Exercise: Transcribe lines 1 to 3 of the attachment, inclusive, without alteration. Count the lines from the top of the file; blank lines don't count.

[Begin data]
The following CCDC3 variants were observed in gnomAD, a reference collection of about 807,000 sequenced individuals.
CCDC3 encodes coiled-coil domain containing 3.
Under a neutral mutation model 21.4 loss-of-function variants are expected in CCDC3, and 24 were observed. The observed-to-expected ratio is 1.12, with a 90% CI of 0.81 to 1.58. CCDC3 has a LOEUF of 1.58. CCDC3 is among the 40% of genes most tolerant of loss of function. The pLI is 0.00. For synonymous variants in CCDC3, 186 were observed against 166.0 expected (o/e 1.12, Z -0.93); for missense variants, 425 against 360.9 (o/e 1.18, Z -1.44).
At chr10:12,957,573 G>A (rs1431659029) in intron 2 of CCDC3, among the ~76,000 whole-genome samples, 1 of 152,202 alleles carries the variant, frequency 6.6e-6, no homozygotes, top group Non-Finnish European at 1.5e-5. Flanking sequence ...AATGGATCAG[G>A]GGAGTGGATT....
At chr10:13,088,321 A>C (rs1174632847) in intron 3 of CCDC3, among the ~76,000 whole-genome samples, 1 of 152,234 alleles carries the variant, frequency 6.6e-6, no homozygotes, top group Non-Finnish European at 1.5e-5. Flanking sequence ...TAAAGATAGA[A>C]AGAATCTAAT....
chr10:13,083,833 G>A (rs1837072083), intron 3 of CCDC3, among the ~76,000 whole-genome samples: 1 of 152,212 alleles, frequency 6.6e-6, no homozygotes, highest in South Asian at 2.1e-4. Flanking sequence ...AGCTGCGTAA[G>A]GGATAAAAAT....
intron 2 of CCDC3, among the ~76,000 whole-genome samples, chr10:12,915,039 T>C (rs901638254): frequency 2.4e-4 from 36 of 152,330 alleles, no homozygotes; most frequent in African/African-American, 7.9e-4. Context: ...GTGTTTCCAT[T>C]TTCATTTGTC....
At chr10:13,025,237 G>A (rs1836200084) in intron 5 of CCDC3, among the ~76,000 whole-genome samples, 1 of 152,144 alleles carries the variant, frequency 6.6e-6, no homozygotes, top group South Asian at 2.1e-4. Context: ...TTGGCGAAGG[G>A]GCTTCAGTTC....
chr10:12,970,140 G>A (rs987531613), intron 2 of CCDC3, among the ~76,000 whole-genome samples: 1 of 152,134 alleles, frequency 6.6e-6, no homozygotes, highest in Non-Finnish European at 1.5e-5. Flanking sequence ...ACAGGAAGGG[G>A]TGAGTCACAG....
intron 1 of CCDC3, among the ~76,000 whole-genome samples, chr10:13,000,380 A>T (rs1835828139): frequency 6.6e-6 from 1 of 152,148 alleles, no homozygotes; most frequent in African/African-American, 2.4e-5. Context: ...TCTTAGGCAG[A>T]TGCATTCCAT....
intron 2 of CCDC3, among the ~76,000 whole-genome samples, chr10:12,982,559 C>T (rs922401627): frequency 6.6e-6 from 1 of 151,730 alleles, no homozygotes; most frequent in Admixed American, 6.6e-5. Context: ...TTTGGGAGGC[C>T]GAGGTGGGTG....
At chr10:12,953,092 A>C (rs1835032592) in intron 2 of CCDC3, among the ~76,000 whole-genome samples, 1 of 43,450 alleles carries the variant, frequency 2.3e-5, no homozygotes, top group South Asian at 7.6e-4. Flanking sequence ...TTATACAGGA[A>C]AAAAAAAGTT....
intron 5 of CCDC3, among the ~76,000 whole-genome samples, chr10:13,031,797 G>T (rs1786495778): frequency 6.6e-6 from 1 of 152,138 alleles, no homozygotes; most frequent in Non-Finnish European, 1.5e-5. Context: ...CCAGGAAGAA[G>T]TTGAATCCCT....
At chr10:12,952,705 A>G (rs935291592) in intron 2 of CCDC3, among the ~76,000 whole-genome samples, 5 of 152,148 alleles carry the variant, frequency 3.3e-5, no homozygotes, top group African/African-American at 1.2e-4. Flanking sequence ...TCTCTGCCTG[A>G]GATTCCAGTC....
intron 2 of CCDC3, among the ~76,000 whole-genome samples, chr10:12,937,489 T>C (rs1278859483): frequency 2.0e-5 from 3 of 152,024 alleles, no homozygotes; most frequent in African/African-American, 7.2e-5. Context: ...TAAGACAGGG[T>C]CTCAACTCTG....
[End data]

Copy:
The following CCDC3 variants were observed in gnomAD, a reference collection of about 807,000 sequenced individuals.
CCDC3 encodes coiled-coil domain containing 3.
Under a neutral mutation model 21.4 loss-of-function variants are expected in CCDC3, and 24 were observed. The observed-to-expected ratio is 1.12, with a 90% CI of 0.81 to 1.58. CCDC3 has a LOEUF of 1.58. CCDC3 is among the 40% of genes most tolerant of loss of function. The pLI is 0.00. For synonymous variants in CCDC3, 186 were observed against 166.0 expected (o/e 1.12, Z -0.93); for missense variants, 425 against 360.9 (o/e 1.18, Z -1.44).